Overall state education aid to localities will fall by $69 million

a few counties will gain money

January 23, 2009|By Liz Bowie and Laura Smitherman | Liz Bowie and Laura Smitherman,bowie@baltsun.com and laura.smitherman@baltsun.com

State funding for local schools would plunge by $69 million next year under Gov. Martin O'Malley's plan to eliminate a nearly $2 billion shortfall in Maryland's budget, a change that would hit poorest districts hardest.

Under the 2010 budget proposal introduced this week, Baltimore would receive $23 million less than in the current school year and Prince George's would be cut by $35 million. Baltimore County would lose $8 million. The belt-tightening comes after years of robust growth in education spending under the landmark 2002 education funding plan known as the Thornton formula.

"The impact is devastating," said Baltimore schools chief Andres Alonso, calling the cuts "the effective rollback of Thornton."

In unveiling the budget Wednesday, the O'Malley administration said it had protected preK-to-12th-grade education funding from the deepest cuts, and in fact, dollars for schools would increase over last year by $68 million overall.

That figure is the result of an extra $135 million for the state's retirement system for teachers and school administrators. The governor has, in fact, proposed reducing the dollars that flow into local school system operating budgets.

For the past six years, state aid to education has been increasing at a rapid pace. Schools have gotten about $2 billion more than in the 2001-2002 school year, when the legislature voted to redo the school funding formula. Thornton has resulted in more money for those jurisdictions with high numbers of special education and poor students as well as those learning English.

Earlier this month, a consultant's report said the increase in funding was responsible for sharp gains in test scores, and a national education magazine ranked Maryland schools No. 1 in the nation.

The news from Annapolis brought harsh words from Alonso, who said the city expected an increase based on rising enrollment. This school year, the city system reversed 40 years of enrollment declines and gained 1,000 new students.

"Adequacy is no longer a part of the conversation," Alonso said. "How do we have the first enrollment increase in four decades and lose over $20 million in actual revenues? It's economizing on the backs of the neediest students in the state."

Administration officials contend that O'Malley has made historic investments in education and has set aside $1 billion for school construction, including $260 million proposed for this year. They also note that local governments balked at picking up teacher pension costs, an option the governor abandoned when crafting his budget.

"The governor's unprecedented investment in K-12 education is a commitment that is upheld in this budget," spokesman Shaun Adamec said. "The overall investment went from $5.3 billion last year to $5.4 billion this year [fiscal 2010]. There has been a $932 million increase over three years."

O'Malley fully funds the Thornton education funding plan - formally known as the "Bridge to Excellence Act" - in his budget, according to aides. Some jurisdictions received decreases when the numbers were run in the formula, which takes into account a variety of factors including enrollment, the contribution of local governments and the jursidictions' wealth.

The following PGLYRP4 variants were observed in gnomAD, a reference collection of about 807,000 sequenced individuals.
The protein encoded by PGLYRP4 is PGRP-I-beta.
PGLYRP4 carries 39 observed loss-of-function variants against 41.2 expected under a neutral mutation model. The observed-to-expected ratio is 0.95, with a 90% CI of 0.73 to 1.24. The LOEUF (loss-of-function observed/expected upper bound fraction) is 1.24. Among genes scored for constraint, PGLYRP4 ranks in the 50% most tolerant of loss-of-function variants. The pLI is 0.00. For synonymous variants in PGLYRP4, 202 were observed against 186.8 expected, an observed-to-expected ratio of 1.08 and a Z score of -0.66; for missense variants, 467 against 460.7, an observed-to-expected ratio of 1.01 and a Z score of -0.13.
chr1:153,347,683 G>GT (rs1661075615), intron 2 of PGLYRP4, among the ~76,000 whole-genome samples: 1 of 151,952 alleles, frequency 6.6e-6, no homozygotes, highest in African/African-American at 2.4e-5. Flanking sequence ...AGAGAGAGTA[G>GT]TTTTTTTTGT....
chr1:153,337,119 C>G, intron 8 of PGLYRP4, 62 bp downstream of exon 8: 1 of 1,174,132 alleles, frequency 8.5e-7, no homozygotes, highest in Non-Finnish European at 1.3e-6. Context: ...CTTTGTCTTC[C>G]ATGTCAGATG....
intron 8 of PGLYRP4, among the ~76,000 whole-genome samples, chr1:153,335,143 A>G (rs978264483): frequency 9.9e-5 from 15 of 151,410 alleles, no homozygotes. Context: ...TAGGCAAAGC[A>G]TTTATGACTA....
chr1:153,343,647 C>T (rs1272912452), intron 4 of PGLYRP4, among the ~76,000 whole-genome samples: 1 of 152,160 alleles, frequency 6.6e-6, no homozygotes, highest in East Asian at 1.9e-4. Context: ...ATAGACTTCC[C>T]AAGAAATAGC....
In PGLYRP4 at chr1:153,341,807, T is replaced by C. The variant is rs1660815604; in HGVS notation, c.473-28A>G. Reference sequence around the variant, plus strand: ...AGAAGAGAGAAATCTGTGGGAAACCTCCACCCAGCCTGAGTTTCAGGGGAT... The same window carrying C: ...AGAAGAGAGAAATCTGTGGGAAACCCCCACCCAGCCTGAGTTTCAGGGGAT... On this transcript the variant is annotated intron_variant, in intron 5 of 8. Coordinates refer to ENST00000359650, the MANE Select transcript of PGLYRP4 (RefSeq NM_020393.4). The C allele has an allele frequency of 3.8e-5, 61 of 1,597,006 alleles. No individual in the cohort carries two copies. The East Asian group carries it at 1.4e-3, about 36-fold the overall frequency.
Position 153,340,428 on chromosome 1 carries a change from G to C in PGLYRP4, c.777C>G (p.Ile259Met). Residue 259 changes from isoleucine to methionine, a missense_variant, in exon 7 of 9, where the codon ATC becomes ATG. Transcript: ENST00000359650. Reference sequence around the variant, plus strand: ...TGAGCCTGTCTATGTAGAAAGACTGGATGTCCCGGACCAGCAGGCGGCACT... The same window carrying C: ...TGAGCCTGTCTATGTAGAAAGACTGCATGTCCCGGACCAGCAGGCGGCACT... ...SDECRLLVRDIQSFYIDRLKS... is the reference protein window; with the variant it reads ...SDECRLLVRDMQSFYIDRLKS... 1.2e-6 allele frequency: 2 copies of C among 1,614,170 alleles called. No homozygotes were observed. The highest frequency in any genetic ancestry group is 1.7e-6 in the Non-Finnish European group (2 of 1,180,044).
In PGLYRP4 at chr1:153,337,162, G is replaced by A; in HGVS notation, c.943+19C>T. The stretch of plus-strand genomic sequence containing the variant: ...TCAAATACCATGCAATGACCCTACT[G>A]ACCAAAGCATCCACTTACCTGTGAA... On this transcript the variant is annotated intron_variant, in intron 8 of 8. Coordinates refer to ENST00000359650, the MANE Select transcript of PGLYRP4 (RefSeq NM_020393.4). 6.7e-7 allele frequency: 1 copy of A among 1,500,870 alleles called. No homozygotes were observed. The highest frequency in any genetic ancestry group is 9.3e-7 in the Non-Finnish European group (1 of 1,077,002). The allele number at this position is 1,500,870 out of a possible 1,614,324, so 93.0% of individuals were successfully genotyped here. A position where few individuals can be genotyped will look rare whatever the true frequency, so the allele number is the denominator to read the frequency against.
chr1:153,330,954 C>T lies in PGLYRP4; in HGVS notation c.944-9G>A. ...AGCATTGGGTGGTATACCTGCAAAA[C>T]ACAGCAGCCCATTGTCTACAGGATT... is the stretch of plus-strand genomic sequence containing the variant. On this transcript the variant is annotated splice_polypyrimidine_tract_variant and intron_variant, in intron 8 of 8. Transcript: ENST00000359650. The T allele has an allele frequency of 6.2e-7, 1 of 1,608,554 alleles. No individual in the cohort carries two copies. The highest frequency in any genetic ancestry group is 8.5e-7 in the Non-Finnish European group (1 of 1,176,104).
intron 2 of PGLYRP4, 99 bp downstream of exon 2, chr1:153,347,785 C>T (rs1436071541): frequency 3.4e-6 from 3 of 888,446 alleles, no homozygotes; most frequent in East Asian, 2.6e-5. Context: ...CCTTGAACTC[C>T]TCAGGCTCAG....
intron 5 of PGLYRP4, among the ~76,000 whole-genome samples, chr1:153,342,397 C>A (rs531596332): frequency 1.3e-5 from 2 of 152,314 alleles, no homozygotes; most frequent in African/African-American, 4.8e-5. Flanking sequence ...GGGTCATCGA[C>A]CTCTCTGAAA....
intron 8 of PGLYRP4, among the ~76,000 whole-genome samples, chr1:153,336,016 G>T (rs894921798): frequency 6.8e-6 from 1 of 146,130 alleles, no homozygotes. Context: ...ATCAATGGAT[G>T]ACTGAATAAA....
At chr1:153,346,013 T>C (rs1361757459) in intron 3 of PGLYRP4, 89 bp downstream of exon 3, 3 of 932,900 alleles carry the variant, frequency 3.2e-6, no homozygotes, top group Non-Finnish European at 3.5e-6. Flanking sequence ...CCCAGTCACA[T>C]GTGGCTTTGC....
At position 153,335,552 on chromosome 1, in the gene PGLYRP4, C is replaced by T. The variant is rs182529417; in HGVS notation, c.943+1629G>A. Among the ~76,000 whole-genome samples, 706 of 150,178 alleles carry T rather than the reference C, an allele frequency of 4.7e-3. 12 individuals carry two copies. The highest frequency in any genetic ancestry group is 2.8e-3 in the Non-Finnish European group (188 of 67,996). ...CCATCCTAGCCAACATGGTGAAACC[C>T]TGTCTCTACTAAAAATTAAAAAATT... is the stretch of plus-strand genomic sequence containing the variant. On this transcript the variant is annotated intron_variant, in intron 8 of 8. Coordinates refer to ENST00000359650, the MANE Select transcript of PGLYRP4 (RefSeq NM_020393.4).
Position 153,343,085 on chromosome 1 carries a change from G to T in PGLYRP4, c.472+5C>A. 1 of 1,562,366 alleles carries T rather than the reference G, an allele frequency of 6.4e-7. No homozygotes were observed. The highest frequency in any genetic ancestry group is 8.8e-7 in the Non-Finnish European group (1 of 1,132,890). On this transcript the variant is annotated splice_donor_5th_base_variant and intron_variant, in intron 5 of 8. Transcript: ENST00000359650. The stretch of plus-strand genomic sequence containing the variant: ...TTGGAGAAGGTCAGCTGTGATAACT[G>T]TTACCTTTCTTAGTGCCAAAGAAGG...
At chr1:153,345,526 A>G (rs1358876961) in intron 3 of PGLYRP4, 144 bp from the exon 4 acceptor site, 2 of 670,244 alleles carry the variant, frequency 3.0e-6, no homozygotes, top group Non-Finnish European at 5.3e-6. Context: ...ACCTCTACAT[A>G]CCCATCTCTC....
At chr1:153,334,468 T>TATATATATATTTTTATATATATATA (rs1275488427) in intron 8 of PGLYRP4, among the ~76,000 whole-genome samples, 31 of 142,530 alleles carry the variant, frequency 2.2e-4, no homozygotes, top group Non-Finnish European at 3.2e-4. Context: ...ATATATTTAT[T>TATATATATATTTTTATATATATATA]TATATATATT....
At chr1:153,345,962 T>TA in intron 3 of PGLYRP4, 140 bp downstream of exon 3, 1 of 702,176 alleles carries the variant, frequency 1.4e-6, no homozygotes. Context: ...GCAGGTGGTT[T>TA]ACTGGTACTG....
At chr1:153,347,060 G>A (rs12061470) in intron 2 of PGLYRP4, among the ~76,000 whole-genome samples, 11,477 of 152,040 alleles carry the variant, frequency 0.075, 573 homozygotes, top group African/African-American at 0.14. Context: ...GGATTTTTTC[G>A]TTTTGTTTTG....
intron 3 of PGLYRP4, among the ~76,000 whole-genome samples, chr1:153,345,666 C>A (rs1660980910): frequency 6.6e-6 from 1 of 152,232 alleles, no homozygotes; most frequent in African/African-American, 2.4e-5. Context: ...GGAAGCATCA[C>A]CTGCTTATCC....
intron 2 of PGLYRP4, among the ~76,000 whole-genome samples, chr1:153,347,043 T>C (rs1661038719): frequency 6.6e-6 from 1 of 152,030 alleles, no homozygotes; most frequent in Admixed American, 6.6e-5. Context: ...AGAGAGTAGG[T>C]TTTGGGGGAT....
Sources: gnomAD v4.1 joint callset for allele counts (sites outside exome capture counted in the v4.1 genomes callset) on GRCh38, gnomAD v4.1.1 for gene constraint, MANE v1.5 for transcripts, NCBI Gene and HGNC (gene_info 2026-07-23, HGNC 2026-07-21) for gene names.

The governor did change other formulas, such as a cost-sharing arrangement for special-needs students, including those who are sent away to private schools when the public system can't adequately serve their needs. In Baltimore, that could account for $10 million of the decline, according to state officials.

"The proposed cuts will be devastating to school systems. They are taking boards off the Bridge to Excellence, and children will fall through the cracks," said Bebe Verdery, education director for the Maryland branch of the American Civil Liberties Union. "There is no doubt this will directly hit the classroom."

The administration did not give school systems the 1 percent increase that they had been promised, and it didn't include a planned increase in the optional geographic cost-of-education index, which is designed to provide additional money to school systems where the cost of living is highest.

Not all the state's jurisdictions were critical of the cuts. Bob Mosier, an Anne Arundel County school system spokesman, said districts had feared the state might ask them to take over the responsibility for funding teacher pensions.

"I think, overall, we're pleased he didn't choose to shift the teacher pensions, which would have been an incredibly harsh blow to us and to all school systems," Mosier said.

Anne Arundel would lose about $5 million, or 1.8 percent of its state aid.

"Obviously, we know and have known that there are going to be cuts of some kind. I don't think the fact that the governor had to make some very difficult decisions is a surprise to anybody," Mosier said. "It certainly could have been worse. Not that it won't hurt, but it could have been worse."

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